Gautam Sule, PhD, a research fellow in Dr. Jason Knight's Lab, received his PhD degree from Baylor College of Medicine and completed a fellowship at the National Institutes of Health (NIH) before joining Dr. Knight's Lab in 2016.
What parts of your work do you most enjoy?
I enjoy the challenge of working with a special type of white blood cell called neutrophils and understanding their basic biology. The Knight Lab allows me to utilize both patient samples and other model systems to investigate the role of neutrophils in causing autoimmune disorders such as lupus and APS. I am currently working on a project that is trying to understand how cellular stress affects neutrophil behavior and biology. The idea that this study will hopefully provide novel approaches for better diagnosing and treating both lupus and APS makes it very exciting to come to work each day.
Where did you grow up?
I am originally from Bangalore, India, and came to the United States for my graduate studies.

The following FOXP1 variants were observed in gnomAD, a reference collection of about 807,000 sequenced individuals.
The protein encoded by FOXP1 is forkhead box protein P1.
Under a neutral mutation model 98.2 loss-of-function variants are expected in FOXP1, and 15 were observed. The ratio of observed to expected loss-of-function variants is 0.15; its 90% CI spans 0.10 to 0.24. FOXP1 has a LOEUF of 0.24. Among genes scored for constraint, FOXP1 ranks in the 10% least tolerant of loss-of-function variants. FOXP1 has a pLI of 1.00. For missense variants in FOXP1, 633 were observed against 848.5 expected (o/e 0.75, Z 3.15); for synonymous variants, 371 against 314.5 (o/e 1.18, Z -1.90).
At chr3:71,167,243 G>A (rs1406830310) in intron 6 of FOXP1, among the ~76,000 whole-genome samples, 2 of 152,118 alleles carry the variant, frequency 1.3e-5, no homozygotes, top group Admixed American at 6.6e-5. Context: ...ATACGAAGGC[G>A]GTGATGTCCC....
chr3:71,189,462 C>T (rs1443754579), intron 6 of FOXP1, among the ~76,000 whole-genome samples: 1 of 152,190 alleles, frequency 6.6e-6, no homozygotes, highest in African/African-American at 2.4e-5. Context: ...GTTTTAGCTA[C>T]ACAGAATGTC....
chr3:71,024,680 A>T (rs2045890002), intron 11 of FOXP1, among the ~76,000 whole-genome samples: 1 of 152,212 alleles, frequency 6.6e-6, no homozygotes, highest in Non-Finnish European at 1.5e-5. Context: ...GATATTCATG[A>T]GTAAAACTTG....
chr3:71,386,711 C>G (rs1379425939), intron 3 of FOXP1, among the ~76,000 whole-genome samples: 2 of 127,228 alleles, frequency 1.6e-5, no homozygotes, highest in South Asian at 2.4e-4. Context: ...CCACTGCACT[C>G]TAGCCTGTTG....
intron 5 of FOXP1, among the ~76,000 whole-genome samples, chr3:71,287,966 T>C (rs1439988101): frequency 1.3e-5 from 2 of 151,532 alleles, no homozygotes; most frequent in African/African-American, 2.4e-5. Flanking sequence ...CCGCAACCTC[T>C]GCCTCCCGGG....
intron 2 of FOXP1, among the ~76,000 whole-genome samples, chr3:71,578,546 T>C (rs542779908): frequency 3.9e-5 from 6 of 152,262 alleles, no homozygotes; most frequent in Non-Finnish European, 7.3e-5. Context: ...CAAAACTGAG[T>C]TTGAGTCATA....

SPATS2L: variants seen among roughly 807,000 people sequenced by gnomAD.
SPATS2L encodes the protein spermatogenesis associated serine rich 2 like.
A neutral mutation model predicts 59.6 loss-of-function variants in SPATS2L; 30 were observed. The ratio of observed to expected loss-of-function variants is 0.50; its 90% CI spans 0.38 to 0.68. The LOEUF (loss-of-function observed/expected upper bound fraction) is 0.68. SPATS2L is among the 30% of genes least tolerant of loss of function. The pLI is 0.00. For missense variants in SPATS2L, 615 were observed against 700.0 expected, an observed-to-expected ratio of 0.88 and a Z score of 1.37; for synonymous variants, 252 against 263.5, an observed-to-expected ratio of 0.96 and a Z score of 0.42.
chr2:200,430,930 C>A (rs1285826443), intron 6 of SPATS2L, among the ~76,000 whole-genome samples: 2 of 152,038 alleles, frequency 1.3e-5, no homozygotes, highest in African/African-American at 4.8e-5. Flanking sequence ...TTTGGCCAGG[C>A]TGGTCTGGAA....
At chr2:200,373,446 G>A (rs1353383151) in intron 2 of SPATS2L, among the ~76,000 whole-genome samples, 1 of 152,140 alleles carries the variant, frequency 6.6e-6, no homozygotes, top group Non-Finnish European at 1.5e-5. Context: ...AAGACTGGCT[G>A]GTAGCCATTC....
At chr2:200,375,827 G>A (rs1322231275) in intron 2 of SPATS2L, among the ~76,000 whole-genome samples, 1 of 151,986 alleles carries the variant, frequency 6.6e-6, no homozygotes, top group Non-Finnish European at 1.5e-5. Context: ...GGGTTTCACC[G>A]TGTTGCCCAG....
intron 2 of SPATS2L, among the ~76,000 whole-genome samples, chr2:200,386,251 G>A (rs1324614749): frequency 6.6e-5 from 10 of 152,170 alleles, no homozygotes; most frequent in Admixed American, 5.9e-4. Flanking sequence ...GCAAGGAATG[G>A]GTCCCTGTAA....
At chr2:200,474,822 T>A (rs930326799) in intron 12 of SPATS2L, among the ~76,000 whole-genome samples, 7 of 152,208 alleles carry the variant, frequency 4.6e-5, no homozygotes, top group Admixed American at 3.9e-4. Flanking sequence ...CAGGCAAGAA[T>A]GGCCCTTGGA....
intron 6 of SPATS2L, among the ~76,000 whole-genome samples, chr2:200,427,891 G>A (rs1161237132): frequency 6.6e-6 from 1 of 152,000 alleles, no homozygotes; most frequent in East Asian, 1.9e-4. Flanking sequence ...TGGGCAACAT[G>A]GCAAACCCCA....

Tell us a little about your previous research work
I did my PhD under the mentorship of Dr. Brendan Lee at Baylor College in Houston, Texas. My thesis work involved developing new approaches for reducing host immune responses to therapeutic proteins (somewhat like the biologic drugs that are used to treat many autoimmune diseases). Additionally, I also worked briefly at the National Institute of Health (NIH) as a postdoctoral fellow where I investigated the role of T cells (another important type of white blood cell) in autoimmune disorders such as lupus.
What interests you about antiphospholipid syndrome?
The concept of how self-antibodies in APS can cause blood clotting in some, but not all patients, is very interesting to me. Understanding how and why this happens is probably the “Holy Grail” of APS, and are questions that are very important to what we do in the Knight Lab. Thanks to blood samples donated by supportive patients and volunteers, we are working every day to figure these things out using our different model systems of APS.
What do you see yourself doing in the future?
My main goal is to be an independent principal investigator at a leading medical research lab either in academia or in industry. I have come to enjoy and love immunology-based research and cannot imagine doing anything else.
What is something you enjoy doing outside of work?
Outside of work, I enjoy reading and listening to science fiction and fantasy books. Currently, I am going through the works of Brandon Sanderson and Brent Weeks. I would highly recommend them.